Team up with faculty on groundbreaking anthropological research.
The Department of Anthropology was founded in 1935 as part of the College of Arts and Sciences at the University of Alaska. The first undergraduate degrees in Anthropology were given in 1959, the first MA degrees in 1968 and the first PhD degrees in 1988. We are the only anthropology program in the United States that maintains a holistic approach to circumpolar studies, providing instruction and research in all aspects of anthropology.
We have a traditional focus on the circumpolar North. In addition to maintaining this historic strength, several themes have emerged as centers of synergy across multiple subfields: human animal relations; aesthetics and expressive culture; ethnographic methods, ethics and research design.
The graduate program offers students the opportunity to concentrate study in one of the four sub-fields, to gain research experience and training in the field and in the laboratory, and emphasizes empirical and applied studies.
ANTHROPOLOGY COLLOQUIUM: Residential Mobility, Place of Origin, Causes and Identity in the Northern Maya Lowlands in Prehistoric Times
Dr. Andrea Cucina
Professor of Anthropology
Facultad de Cienias Antropológicas
Universidad Autónoma de Yucatán, MEXICO
This presentation focuses on residential mobility, through isotope analyses, in Prehispanic Maya populations in the Northern Maya lowlands during Classic and Postclassic times. Results from nine human collections indicate that, on average, nearly 20% of people may be considered non-local. Though potential places of origins are variable, most were born within the Northern or Central Lowlands; only a few originated from outside of the Lowlands. Migration to the coast largely occurred from inland places, for few coastal dwellers appear to have moved to inland centers. The fact that non-locals were almost equally distributed by sex, and included infants and children indicate that residential mobility was not only related to trading activities, but that a much wider range of reasons served as push factors. Indeed, mortuary contexts suggest non-locals may have been considered community members rather than “outsiders.”
Funded by CONACYT grant 2017A1-S-10037.
FOR ZOOM ACCESS INQUIRIES, PLEASE EMAIL DR. BRIAN HEMPHILL BHEMPHILL@ALASKA.EDU
Anthropology Colloquium - Çatalhöyük: The Bioarchaeology of an Early Farming Society in Transition
Dr. Clark Spencer Larsen;
Distinguished University Professor;
Department of Anthropology;
The Ohio State University;
The bioarchaeological record of human remains viewed in the context of ecology, subsistence, and living circumstances provides a fundamental resource for interpreting the impact of plant and animal domestication in the late Pleistocene and early/middle Holocene. For Western Asia, Çatalhöyük (7400-600 cal BC) in central Anatolia, presents a comprehensive, contextualized setting for interpreting living conditions in this highly dynamic period of human history.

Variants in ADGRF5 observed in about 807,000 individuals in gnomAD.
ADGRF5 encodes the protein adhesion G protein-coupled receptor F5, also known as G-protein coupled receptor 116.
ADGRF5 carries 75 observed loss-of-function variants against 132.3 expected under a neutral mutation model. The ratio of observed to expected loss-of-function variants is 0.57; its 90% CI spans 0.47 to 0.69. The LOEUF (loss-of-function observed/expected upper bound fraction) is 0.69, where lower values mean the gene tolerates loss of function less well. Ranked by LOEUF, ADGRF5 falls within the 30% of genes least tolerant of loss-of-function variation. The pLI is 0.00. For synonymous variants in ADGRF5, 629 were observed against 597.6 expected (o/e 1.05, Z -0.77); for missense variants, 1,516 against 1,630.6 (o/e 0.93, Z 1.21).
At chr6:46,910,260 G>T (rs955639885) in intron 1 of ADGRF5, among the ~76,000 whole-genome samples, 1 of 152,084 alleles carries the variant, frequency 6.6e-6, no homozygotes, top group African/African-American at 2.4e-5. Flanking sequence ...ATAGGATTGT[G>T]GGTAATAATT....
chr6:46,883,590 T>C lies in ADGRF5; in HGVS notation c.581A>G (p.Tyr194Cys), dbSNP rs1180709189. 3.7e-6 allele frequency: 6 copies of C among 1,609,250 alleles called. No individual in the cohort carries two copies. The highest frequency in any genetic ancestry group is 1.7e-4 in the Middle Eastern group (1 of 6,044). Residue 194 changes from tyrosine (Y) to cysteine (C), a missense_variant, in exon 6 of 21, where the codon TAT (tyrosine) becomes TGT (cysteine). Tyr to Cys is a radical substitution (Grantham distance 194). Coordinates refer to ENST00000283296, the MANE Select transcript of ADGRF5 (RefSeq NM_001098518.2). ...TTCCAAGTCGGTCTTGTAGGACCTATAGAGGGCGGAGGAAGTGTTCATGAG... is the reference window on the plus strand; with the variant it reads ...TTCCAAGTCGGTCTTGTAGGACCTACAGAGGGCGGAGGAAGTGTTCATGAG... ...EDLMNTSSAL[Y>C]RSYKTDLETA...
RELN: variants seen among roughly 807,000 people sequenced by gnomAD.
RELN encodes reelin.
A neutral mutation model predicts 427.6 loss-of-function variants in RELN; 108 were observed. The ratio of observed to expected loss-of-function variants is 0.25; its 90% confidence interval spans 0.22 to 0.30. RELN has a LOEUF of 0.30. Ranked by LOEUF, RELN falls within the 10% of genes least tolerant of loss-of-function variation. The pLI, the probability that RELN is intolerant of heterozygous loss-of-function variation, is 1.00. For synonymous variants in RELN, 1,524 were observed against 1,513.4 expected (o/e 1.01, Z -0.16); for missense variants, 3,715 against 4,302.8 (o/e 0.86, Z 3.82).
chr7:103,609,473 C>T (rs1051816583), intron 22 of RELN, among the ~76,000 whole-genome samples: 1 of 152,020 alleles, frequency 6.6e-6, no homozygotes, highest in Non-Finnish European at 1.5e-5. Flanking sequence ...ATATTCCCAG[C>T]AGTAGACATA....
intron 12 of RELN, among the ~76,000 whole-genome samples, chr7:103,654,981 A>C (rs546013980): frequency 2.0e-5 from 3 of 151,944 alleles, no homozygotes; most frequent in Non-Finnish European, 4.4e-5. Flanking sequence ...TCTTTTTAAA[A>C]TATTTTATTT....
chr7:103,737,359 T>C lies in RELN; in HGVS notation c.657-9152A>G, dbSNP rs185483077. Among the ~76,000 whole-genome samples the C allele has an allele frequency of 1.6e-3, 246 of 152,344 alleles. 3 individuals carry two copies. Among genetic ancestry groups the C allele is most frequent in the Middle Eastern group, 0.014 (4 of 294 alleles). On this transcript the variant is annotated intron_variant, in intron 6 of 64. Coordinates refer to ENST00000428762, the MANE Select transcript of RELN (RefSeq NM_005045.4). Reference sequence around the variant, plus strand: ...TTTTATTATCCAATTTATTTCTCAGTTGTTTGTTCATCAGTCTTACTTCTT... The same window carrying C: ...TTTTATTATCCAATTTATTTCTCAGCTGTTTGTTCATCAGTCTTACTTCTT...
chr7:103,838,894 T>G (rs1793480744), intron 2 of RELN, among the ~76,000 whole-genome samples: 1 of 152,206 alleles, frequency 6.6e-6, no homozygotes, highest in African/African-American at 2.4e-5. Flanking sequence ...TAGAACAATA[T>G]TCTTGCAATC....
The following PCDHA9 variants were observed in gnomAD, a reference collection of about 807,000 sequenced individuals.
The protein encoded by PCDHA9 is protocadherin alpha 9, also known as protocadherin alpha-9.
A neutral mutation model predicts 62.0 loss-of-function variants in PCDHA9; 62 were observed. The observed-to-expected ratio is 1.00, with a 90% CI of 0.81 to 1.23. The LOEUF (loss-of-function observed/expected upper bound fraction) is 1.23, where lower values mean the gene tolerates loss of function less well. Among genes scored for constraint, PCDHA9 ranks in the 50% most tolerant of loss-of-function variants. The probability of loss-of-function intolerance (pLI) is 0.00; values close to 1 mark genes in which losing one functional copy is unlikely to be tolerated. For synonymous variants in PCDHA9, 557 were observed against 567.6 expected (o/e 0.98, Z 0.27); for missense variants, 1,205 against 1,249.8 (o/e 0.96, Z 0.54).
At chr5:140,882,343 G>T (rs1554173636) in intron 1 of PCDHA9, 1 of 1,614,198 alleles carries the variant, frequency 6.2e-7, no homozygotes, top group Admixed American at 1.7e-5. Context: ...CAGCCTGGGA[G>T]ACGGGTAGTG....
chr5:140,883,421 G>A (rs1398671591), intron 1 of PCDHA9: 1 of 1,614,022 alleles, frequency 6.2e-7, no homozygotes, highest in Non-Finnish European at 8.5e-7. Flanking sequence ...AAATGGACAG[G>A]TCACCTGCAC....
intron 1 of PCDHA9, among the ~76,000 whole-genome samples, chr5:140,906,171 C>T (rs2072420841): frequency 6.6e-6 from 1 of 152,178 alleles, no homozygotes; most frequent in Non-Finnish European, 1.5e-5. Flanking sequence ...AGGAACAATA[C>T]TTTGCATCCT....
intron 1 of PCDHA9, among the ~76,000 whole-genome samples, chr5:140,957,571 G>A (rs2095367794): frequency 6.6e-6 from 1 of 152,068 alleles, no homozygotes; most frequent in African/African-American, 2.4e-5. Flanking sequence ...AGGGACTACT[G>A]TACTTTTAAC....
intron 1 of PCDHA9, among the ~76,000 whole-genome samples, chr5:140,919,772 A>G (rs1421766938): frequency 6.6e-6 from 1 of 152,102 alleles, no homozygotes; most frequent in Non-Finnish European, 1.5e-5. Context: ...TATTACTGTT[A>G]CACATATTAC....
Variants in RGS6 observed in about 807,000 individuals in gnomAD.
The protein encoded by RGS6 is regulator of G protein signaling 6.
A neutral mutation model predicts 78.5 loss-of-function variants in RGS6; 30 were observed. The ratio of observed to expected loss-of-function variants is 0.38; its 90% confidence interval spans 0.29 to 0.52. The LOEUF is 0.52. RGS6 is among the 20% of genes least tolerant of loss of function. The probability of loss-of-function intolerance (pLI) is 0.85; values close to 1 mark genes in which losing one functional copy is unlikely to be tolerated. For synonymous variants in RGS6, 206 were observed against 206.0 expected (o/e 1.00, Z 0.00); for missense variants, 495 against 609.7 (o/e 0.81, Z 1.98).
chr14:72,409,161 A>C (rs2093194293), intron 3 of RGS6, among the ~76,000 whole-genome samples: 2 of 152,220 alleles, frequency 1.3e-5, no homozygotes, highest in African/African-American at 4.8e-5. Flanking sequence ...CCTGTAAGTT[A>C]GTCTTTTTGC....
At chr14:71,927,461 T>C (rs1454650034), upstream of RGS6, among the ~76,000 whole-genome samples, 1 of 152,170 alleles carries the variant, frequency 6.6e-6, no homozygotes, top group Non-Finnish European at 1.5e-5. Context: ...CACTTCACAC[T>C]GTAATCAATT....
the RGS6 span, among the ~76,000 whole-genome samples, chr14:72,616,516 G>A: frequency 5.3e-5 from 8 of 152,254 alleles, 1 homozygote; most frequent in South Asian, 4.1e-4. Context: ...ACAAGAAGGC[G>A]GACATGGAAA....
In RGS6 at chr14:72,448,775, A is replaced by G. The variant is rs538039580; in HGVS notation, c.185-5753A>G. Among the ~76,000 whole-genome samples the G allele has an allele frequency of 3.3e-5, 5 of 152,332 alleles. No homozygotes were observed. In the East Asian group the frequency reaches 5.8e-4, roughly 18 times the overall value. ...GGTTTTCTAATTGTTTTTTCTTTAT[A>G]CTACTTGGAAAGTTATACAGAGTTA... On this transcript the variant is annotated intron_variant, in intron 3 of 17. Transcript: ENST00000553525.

Employing demography, biogeochemistry, biomechanics, growth and development, and palaeopathology, this talk focuses on addressing the question:
What were the implications of farming and agricultural intensification, increasing sedentism, and population growth for health and lifestyle in this early farming community?
Watch the Replay Here
The Women’s, Gender and Sexuality Studies Program and Linguistics Department Present: Mothering through trauma in the protection from abuse interview
Please join the Women’s, Gender and Sexuality Studies Program and Linguistics Departments at UAF in welcoming Dr. Shonna Trinch of the Department of Anthropology, CUNY, John Jay College
Dr. Trinch will present: Mothering through trauma in the protection from abuse interview
Family violence perpetrated by one intimate-partner against another that involves children becomes an overarching relationship where the rationale and tacit understandings of family- and legal-interviewing break down. Yet, culture’s over-reliance of these categorization and conversation devices to make relationships jive with their socially meaningful referents (i.e., mother, father, child as well as interviewer/interviewee) causes institutional actors to confuse women’s actual agency of moral stance-taking with a broken agency that makes them appear either uncooperative or damaged. The site for this analysis is the legal interview where women seek court orders, known as protection from abuse orders. Using the interviews of five women, I will show data suggesting that when women’s narratives are not replete with the preferred answers paralegals seek to do their work of documenting physical violence, interactional trouble arises. But rather than suggesting the women are deficient in their answers, the data suggest interviewers are missing or refusing to ratify the ways in which women contest and challenge the moral order of family and legal interviewing to make a claim for their own logic or mothering. I will discuss the consequences for women in abusive relationships when institutional actors and lay people alike cannot recognize women’s responses to violence as strategic moves to keep themselves and their children from harm.
Please contact Dr. Robin Shoaps (email@example.com) for the Zoom link.
Office: 307D Bunnell Building
405A Bunnell Building
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P.O. Box 757720
Fairbanks, AK 99775